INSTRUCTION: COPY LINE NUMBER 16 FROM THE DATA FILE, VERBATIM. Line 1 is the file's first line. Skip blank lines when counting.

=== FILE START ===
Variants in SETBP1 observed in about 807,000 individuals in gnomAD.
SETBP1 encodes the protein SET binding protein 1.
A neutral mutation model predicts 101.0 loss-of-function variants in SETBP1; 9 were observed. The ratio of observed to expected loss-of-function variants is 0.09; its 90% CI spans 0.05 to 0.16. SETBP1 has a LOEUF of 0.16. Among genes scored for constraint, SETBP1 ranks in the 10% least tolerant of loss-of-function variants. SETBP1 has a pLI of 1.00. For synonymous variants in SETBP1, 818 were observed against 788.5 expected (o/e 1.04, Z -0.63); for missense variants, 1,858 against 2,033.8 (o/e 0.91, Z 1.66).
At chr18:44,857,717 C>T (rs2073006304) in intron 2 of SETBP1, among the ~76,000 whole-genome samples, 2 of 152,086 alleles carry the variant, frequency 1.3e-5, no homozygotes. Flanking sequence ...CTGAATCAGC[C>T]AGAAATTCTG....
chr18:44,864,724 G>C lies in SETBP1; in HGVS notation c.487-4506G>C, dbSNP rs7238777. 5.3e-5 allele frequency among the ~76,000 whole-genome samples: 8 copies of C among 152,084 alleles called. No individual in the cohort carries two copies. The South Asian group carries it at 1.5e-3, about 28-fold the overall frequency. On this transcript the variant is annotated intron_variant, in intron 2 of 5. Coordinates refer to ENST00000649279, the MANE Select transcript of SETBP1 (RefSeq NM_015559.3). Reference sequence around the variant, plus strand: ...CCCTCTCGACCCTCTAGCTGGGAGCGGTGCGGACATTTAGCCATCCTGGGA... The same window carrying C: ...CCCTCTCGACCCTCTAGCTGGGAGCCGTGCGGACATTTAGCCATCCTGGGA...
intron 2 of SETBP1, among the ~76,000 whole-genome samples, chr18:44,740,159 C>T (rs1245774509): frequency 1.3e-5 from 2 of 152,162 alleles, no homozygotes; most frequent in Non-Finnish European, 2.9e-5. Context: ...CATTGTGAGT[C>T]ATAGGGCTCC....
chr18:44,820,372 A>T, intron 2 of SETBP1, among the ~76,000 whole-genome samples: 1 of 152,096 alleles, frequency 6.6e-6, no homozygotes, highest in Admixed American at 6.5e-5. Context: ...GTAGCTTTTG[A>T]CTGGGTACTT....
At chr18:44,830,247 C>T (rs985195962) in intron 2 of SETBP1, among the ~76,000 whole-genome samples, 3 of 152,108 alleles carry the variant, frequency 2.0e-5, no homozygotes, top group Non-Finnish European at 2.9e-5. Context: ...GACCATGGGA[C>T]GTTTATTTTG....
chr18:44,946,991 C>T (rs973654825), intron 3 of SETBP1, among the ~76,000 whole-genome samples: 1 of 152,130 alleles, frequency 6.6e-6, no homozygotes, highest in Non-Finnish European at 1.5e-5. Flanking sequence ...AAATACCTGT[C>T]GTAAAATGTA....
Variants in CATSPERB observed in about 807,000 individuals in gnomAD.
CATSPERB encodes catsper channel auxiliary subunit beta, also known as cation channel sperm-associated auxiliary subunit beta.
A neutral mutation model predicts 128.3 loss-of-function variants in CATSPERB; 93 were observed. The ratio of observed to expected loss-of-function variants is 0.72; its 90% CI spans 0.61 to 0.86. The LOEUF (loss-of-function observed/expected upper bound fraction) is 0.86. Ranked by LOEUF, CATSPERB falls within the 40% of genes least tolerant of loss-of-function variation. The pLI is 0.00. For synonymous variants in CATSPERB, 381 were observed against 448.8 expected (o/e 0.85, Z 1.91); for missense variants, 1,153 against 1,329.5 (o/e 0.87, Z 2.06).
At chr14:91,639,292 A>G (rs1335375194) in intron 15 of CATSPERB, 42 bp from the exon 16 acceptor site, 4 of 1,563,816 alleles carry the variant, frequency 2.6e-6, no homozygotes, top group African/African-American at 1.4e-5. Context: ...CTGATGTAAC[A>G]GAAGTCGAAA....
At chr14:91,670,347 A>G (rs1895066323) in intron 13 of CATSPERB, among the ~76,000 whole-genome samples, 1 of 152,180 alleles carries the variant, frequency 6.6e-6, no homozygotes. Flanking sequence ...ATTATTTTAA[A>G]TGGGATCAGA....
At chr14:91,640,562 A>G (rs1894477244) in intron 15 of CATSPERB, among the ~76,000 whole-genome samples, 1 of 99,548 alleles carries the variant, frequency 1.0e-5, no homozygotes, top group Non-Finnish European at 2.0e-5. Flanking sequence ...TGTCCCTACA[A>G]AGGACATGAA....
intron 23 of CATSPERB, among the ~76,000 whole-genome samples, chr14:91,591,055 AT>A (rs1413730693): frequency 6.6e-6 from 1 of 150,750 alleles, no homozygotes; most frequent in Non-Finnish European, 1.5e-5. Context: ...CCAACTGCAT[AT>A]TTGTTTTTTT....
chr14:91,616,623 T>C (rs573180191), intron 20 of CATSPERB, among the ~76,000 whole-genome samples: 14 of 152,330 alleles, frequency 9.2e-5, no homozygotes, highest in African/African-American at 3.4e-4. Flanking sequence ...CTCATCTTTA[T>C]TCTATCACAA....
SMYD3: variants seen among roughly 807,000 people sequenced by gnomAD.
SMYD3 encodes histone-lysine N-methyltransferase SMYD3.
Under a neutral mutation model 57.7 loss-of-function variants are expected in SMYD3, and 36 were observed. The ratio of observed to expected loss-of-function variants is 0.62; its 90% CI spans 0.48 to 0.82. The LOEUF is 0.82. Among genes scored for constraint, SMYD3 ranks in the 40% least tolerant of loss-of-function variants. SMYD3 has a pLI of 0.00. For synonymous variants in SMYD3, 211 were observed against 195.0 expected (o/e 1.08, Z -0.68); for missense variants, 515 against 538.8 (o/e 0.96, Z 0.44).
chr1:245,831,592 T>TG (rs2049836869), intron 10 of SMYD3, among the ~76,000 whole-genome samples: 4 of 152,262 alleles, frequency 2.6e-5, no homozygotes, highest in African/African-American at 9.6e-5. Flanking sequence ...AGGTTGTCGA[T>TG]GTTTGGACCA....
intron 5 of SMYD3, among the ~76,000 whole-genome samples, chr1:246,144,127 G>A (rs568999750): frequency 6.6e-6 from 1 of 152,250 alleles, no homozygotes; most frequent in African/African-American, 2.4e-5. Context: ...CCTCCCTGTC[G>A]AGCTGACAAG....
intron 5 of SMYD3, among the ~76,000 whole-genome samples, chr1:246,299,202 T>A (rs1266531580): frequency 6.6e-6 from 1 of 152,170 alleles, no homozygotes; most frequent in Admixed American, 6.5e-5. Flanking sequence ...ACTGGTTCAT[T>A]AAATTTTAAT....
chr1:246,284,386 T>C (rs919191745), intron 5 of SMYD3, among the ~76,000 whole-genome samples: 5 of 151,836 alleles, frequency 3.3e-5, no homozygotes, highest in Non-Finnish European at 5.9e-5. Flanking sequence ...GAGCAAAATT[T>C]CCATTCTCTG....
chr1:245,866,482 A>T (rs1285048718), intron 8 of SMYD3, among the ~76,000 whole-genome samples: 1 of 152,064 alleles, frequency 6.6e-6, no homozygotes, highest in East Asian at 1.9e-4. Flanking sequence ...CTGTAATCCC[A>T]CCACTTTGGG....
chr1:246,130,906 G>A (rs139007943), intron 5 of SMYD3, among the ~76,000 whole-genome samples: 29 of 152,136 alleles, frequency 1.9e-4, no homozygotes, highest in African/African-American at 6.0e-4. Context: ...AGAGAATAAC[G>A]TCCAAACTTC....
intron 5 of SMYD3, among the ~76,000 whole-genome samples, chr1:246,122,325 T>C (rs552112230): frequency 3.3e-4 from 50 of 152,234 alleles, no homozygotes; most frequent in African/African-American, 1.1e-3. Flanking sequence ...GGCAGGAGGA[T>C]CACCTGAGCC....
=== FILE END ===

intron 23 of CATSPERB, among the ~76,000 whole-genome samples, chr14:91,591,055 AT>A (rs1413730693): frequency 6.6e-6 from 1 of 150,750 alleles, no homozygotes; most frequent in Non-Finnish European, 1.5e-5. Context: ...CCAACTGCAT[AT>A]TTGTTTTTTT....